Southcoast Infectious Disease Doc: Ibuprofen OK, Homemade Masks Not
We had our weekly update with Dr. Eliesel Lacerda De La Cruz, the Infectious Disease Specialist at Southcoast Health.
We asked him about a viral video that we saw over the weekend warning about the use of ibuprofen when sick with the COVID-19 coronavirus. The video warns that people who take ibuprofen have been found to have an increased mortality rate for COVID-19.
Dr. Lacerda De La Cruz says that while there have been anecdotal reports of people who take Advil or Aleve having worse outcomes, there is no clear link to it.
"In a call that I had with CDC last week, the experts did not say that this should not be used. So, their conclusion is that there is not enough evidence to not use medications like ibuprofen for COVID-19," he said. "If Tylenol is working for you, that is great, but if you need to use something like ibuprofen to get your fever down and to get your symptoms better, there's no reason for you not to use it."
Dr. Lacerda De La Cruz also weighed in on the current trend of people and businesses volunteering to sew masks for healthcare workers to help make up for the short supply. While the doctor thinks it's a nice gesture, the masks won't do much to protect those who wear them.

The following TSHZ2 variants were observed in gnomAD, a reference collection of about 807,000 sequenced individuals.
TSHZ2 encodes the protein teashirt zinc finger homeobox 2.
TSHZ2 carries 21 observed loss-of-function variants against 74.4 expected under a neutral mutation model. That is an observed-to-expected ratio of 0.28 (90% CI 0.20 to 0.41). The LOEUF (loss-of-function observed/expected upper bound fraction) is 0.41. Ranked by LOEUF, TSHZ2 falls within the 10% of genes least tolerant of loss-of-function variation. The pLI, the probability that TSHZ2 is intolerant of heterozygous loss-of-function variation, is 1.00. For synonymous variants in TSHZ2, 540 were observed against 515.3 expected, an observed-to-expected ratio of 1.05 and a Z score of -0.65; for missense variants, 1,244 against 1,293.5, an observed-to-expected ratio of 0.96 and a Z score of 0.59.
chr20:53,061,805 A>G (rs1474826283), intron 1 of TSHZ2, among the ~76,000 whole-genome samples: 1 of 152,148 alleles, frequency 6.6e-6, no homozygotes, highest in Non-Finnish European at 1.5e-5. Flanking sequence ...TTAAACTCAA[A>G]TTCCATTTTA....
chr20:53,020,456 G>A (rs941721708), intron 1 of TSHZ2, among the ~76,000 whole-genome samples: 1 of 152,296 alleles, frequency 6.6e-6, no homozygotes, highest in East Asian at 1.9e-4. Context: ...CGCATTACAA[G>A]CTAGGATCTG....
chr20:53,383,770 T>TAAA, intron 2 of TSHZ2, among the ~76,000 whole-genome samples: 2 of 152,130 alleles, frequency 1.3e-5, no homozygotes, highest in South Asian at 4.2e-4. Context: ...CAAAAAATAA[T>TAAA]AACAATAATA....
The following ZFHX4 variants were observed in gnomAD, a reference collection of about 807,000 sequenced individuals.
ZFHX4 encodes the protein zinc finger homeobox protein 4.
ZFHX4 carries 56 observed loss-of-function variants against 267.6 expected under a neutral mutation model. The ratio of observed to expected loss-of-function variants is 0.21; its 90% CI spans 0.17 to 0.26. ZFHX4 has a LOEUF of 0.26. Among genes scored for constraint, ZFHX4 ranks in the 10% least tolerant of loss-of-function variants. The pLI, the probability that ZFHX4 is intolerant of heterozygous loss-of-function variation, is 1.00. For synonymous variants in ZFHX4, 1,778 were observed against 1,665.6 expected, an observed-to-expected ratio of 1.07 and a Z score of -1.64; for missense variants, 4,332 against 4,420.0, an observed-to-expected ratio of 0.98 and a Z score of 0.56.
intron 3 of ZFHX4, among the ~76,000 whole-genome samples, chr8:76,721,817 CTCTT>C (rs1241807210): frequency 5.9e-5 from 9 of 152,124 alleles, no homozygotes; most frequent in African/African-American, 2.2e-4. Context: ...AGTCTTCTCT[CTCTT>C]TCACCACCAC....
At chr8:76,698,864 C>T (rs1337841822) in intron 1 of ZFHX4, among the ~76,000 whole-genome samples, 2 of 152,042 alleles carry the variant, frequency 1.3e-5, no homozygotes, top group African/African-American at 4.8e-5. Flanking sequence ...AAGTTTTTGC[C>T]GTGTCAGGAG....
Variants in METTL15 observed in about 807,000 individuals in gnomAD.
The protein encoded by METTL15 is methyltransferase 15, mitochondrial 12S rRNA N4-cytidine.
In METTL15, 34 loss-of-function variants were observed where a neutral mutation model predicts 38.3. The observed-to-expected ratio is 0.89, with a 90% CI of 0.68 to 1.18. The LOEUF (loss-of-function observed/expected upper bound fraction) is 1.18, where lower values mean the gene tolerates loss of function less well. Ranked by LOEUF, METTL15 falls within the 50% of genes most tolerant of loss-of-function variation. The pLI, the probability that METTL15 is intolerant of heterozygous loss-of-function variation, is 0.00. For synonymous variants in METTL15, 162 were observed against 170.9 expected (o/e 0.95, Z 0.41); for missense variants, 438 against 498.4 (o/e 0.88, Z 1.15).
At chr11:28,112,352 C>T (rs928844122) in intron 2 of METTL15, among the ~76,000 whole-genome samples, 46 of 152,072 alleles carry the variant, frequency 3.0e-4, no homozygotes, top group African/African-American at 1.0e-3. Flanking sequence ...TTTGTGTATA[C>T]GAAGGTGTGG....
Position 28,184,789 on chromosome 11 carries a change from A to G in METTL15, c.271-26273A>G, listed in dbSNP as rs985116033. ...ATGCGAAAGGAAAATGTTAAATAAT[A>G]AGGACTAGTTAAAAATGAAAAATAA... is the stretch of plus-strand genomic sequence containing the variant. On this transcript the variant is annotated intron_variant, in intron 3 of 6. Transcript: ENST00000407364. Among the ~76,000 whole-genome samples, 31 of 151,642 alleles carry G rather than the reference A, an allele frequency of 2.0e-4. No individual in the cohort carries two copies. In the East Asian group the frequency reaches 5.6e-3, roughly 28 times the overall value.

"I think the evidence is clear that they are not the greatest protection, and some of the places where people needed to use those masks, they also had a face shield made of plastic on top of that, so you'd have an added layer of protection," he said. "But the fibers of cotton are loose, it doesn't trap enough organisms to be protective. The virus is likely to go through the mask. Bottom line is that as kind as people are to spend their time and money sewing those masks with love, they really aren't recommended for protection."
What does the doctor see for the upcoming week? What is herd immunity, and does he feel the SouthCoast is doing enough to flatten the curve? Get those answers and more by listening to the full interview with Dr. Lacerda De La Cruz: